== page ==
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JA highlights early financial literacy

August 26, 2018

Last week I met with Bernadine Venditto, Keith Wolff and Janet Ursone of Junior Achievement (JA) to discuss my favorite topic: financial literacy education. It turns out that financial literacy is one of “three main pillars” that underpin JA’s work, explained Venditto, who is president and CEO of Junior Achievement of Greater Fairfield County, a recent merger of two local JAs. Ursone is vice president of development, and Wolff is business development manager.

JA’s goal is to give students “knowledge and skills in financial literacy, work readiness and entrepreneurship.”

That work has not gone unnoticed. JA was recognized with the EIFLE Award for “Organization of the Year” by the Institute for Financial Literacy (www.FinancialLit.org), a nonprofit whose mission is to promote effective delivery of consumer financial products, services and education by acknowledging the accomplishments of those who advance financial literacy education. (I’m familiar with the EIFLE Award as an honoree for two of my books, “Managing Retirement Wealth” and “The AARP Retirement Survival Guide.”)

Today’s world of easy credit, consumerism, student loan debt and the responsibility to invest for retirement elevates the importance of financial literacy education. Imagine if that education can start as early as grade school. JA programs start in kindergarten.

“No matter your age, once you learn a concept, such as budgeting, it’s something you don’t forget,” explained Venditto.

True enough. I recall a 4th-grade teacher talking about the stock market, something that I’ve never forgotten, so much so that it sparked my interest in a Wall Street career.

Starting early is impactful and important, especially given the time value of money. As Jack E. Kosakowski, president and CEO of Junior Achievement USA, noted recently: “One of the reasons Americans don’t save enough for retirement is that they get started too late. By teaching teens today about the importance of contributing to 401(k)s and IRAs starting with their first job, we may be able to start addressing that issue.”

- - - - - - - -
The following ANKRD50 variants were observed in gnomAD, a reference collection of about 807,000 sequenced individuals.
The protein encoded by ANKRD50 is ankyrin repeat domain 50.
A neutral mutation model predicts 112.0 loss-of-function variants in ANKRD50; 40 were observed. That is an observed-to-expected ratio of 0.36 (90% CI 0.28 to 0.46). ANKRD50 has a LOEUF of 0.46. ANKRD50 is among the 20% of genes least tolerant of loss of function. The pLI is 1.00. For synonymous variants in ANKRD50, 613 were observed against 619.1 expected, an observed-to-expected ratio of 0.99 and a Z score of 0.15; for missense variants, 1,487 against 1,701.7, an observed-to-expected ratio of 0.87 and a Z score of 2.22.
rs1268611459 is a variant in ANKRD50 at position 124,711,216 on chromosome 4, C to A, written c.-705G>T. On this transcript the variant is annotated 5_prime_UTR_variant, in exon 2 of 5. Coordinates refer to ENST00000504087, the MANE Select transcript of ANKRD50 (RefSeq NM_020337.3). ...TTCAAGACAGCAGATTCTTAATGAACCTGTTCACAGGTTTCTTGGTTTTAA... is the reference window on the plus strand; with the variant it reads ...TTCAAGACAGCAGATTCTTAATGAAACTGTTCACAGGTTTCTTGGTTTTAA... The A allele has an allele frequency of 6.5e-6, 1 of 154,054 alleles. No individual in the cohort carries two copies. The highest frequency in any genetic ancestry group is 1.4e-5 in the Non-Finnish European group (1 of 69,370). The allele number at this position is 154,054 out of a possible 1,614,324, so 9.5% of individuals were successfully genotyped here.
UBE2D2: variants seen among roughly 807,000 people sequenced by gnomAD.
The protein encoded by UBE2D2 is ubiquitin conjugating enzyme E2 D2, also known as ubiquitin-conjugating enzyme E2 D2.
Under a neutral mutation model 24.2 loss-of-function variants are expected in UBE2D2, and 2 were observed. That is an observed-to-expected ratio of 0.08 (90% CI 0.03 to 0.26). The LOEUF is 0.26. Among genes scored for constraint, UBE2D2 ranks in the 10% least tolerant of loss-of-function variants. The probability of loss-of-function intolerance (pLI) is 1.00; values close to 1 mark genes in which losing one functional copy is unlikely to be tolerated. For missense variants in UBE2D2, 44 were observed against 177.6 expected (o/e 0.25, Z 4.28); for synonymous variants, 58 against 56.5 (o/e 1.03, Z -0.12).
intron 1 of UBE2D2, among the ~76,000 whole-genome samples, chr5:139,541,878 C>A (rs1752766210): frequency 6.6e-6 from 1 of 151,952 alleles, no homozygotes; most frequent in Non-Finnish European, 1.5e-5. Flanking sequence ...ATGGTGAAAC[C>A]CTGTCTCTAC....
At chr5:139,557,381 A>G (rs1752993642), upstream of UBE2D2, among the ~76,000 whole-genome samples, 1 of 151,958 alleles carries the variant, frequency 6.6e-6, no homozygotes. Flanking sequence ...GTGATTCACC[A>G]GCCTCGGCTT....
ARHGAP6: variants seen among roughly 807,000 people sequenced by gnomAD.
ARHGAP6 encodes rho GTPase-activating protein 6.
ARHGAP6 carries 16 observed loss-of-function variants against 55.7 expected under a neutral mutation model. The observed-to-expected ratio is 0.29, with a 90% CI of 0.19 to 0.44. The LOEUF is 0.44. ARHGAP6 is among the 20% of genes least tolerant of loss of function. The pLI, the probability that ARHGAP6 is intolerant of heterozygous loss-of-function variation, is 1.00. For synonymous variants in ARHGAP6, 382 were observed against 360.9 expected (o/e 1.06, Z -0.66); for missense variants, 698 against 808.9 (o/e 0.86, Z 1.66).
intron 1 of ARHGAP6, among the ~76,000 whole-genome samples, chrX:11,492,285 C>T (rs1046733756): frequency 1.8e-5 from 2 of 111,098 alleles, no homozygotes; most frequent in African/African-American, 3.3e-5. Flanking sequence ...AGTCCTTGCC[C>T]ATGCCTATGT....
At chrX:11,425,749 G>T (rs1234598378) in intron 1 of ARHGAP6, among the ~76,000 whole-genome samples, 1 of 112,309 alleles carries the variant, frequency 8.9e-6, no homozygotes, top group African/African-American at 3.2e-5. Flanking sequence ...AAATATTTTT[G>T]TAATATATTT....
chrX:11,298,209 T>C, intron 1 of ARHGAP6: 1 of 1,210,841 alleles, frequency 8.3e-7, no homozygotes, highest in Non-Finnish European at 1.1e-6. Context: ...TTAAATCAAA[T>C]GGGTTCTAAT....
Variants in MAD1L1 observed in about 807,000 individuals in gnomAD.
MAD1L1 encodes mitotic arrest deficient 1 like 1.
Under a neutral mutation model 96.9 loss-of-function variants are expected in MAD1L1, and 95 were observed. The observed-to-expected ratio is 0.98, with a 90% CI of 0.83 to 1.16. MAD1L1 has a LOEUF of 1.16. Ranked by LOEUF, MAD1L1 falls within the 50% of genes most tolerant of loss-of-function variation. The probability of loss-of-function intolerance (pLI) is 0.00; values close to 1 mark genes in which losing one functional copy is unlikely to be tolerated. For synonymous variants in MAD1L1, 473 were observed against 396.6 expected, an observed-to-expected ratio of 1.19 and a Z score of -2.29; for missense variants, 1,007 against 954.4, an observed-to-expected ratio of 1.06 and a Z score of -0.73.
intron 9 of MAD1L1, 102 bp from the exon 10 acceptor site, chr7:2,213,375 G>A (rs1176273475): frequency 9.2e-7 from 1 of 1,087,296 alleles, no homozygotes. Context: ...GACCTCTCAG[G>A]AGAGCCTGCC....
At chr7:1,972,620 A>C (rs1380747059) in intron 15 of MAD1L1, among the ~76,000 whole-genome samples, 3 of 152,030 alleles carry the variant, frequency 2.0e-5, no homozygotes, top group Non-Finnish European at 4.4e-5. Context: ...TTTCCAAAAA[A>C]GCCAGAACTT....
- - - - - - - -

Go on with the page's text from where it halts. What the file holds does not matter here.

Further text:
Are students interested in learning? A recent JA survey of teens said absolutely. Teens were asked if they thought it would be valuable to have personal finance classes in high school. An overwhelming 95 percent said yes. Ninety-one percent also said they sought financial advice; most (72 percent) reached out to their parents or guardians. To see the 2018 JA Teens & Personal Finance Survey, go to https://tinyurl.com/JA2018Survey.

JA courses are taught in schools by corporate and community volunteers trained by JA.

Volunteering doesn’t just benefit the students. According to a Deloitte Impact Survey (https://tinyurl.com/DeloitteImpactSurvey), volunteers themselves develop stronger professional and leadership skills.

To see a sample JA program, take a look at JA Economics for Success at https://tinyurl.com/JAEconomics. This middle school program includes smart budgeting, wise credit use and minimizing financial risk to teach how to apply financial management skills regardless of income.

Contact your local JA. In Fairfield County (Conn.), email Wolff at kwolff@jawct.org. (Wolff would also like to hear from you if you yourself participated in a JA program.)

For other parts of the country, go to https://tinyurl.com/JAVolunteers. To find a JA branch near you, go to https://tinyurl.com/JANearYou.

We’ll return to the subject of financial literacy programs for children again in a few weeks.

In a recent column, I asked readers to share their views about this column by emailing me (readers@juliejason.com) or taking a short survey at www.JulieJason.com/survey. I’ll keep the survey open until Wednesday, Aug. 29, and share the results with you in an upcoming column. Thank you in advance for your help.

Julie Jason, JD, LLM, a personal money manager (Jackson, Grant of Stamford, Conn.) and author, welcomes your questions/comments (readers@juliejason.com). Her awards include the 2018 Clarion Award, symbolizing excellence in clear, concise communications. Her latest book, a curated collection of Julie’s columns, is “Retire Securely: Insights on Money Management From an Award-Winning Financial Columnist.” To hear Julie speak, visit www.juliejason.com/events.

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